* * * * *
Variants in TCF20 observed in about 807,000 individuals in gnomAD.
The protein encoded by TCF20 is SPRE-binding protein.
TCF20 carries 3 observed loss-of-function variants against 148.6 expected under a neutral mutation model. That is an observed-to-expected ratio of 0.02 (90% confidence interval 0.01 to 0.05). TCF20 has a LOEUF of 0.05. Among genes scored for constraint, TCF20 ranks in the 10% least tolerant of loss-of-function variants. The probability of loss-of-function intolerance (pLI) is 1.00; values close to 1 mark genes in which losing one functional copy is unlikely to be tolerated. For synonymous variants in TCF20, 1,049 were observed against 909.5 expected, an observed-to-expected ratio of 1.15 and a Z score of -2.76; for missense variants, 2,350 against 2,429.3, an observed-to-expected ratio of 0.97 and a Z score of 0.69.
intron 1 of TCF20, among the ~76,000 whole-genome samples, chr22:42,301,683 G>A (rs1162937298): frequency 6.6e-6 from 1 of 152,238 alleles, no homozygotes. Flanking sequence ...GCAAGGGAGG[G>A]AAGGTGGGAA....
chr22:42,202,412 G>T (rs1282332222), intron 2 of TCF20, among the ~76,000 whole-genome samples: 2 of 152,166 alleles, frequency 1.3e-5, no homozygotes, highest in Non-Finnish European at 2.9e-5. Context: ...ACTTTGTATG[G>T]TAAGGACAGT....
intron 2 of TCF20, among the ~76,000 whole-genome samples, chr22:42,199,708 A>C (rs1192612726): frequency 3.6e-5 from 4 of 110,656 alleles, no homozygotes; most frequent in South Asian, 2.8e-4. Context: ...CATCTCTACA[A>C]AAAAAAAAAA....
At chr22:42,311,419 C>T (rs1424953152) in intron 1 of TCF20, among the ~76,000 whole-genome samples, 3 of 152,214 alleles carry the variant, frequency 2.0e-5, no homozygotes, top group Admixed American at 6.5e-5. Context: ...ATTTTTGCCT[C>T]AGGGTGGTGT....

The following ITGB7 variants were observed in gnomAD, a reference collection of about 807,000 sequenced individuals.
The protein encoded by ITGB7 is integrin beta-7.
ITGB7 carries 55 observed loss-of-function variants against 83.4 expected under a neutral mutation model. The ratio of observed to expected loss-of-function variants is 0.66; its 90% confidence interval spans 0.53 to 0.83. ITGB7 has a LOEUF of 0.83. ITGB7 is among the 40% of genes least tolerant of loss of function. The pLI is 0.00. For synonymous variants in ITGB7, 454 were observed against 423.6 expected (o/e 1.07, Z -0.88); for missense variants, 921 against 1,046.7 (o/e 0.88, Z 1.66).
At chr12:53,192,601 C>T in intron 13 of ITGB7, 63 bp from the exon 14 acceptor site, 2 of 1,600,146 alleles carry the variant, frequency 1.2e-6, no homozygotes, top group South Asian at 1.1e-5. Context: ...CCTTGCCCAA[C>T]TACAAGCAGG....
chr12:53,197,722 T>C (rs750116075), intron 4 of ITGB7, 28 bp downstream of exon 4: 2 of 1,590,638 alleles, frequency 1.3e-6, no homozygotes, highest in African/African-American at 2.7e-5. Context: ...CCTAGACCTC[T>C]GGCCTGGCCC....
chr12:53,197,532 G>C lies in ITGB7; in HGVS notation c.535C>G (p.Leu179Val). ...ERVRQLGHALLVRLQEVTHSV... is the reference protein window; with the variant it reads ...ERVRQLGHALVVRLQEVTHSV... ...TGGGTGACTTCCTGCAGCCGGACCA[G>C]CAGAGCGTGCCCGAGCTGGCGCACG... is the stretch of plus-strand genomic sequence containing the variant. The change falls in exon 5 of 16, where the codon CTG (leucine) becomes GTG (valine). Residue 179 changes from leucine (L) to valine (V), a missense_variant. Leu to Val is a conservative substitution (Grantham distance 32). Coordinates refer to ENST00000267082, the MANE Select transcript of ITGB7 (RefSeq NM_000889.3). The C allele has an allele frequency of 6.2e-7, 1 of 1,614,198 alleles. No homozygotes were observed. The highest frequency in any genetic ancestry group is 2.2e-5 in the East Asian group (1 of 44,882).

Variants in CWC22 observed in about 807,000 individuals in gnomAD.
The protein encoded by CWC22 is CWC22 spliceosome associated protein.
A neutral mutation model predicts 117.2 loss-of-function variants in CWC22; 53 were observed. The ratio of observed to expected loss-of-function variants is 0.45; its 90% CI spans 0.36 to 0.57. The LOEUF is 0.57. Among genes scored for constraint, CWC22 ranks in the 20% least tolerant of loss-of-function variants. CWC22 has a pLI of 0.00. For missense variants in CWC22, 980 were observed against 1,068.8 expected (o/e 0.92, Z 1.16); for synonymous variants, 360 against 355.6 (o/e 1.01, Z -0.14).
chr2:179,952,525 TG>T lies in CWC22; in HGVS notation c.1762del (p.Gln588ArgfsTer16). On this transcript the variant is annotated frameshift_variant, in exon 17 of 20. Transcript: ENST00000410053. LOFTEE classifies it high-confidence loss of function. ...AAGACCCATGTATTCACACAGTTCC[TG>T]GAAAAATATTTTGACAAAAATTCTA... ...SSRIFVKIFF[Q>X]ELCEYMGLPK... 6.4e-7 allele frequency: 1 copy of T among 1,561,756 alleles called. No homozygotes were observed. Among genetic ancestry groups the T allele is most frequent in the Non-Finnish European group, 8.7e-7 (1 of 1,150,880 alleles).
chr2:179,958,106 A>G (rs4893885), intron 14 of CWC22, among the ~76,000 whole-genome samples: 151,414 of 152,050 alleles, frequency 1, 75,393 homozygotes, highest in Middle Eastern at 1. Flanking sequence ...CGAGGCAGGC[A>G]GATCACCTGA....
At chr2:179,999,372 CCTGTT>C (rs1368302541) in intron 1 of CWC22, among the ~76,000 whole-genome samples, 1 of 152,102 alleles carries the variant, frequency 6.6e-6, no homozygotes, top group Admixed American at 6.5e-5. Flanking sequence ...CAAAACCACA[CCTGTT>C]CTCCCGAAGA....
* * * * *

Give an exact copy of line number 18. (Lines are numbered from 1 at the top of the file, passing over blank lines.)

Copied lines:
chr2:179,958,106 A>G (rs4893885), intron 14 of CWC22, among the ~76,000 whole-genome samples: 151,414 of 152,050 alleles, frequency 1, 75,393 homozygotes, highest in Middle Eastern at 1. Flanking sequence ...CGAGGCAGGC[A>G]GATCACCTGA....